While at West Point Denton rebuffs Evelyn Palmer who shows up later as the wife of his commanding officer in Arizona. When he takes a shine to her sister Bonita, Evelyn accuses him of making illicit advances toward her while the Colonel's away. The Colonel asks for Denton's resignation.Written by
Ed Stephan <firstname.lastname@example.org>
The film is known as "MEN ARE LIKE THAT" when it was shown (and advertised) in major, first-run release in New York City, yet somehow it is re titled "ARIZONA" almost immediately afterward. (New York Sun, 14 August 1931) See more »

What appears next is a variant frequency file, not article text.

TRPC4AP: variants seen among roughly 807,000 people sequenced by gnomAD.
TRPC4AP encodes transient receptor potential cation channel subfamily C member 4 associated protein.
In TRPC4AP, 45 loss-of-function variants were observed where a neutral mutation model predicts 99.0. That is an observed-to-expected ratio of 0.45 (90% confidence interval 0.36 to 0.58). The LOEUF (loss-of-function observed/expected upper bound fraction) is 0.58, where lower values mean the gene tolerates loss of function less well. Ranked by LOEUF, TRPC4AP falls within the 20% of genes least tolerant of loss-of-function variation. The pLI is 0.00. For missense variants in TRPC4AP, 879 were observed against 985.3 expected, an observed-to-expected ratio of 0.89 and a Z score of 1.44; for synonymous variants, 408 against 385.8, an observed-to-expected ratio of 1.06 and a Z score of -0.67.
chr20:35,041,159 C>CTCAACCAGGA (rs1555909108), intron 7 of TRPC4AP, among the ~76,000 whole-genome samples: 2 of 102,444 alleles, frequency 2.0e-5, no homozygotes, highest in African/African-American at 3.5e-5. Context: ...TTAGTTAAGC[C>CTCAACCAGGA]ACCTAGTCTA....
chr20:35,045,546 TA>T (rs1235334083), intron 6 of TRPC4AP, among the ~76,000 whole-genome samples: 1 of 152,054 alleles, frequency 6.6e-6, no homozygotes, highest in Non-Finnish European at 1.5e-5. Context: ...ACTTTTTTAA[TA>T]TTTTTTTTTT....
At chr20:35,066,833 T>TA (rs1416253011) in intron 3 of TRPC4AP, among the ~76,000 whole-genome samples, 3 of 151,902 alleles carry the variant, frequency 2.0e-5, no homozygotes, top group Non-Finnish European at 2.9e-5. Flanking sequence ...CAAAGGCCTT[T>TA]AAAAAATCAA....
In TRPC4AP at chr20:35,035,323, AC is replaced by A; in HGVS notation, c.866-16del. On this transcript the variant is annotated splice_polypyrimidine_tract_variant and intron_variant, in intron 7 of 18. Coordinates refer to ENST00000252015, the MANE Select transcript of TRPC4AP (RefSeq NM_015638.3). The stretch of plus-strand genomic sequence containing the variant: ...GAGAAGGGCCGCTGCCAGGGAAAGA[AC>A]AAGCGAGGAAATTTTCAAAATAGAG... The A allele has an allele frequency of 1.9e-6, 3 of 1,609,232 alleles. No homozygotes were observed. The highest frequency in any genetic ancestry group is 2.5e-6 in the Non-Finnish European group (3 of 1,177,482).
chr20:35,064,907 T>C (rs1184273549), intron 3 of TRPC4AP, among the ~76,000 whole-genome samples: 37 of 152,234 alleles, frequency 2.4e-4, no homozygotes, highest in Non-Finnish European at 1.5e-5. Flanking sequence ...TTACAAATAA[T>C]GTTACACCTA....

Early in his career, when the Duke worked at Columbia Pictures, Harry Cohn tried him out in this romantic vehicle, for which he received second billing to Laura LaPlante, who plays a scorned Evelyn eventually getting her chance to make Bob pay for calling it quits. This mostly forgotten flick, not even listed in many film catalogs under Wayne's name, is best left that way, forgotten and unlisted. Still, as one of the first films that gave him significant billing, he holds his own against his equally forgettable cast mates. As a romantic actor, he fails to impress in his clinches with either of his lovers. It's obvious he had a long way to go to become a good actor although he never turned into a great one like the Gables and Stewarts and others then starting their careers. It's still of interest to watch the old football game and the cavalry drills in this picture, so it's not without its merits. Just don't expect much and you won't be disappointed. I'd recommend if for fans of the Duke, just to see how green he was back then. And the girls are pretty and the guys look nice in uniforms, so there are worse ways to pass an hour or so. Dale Roloff
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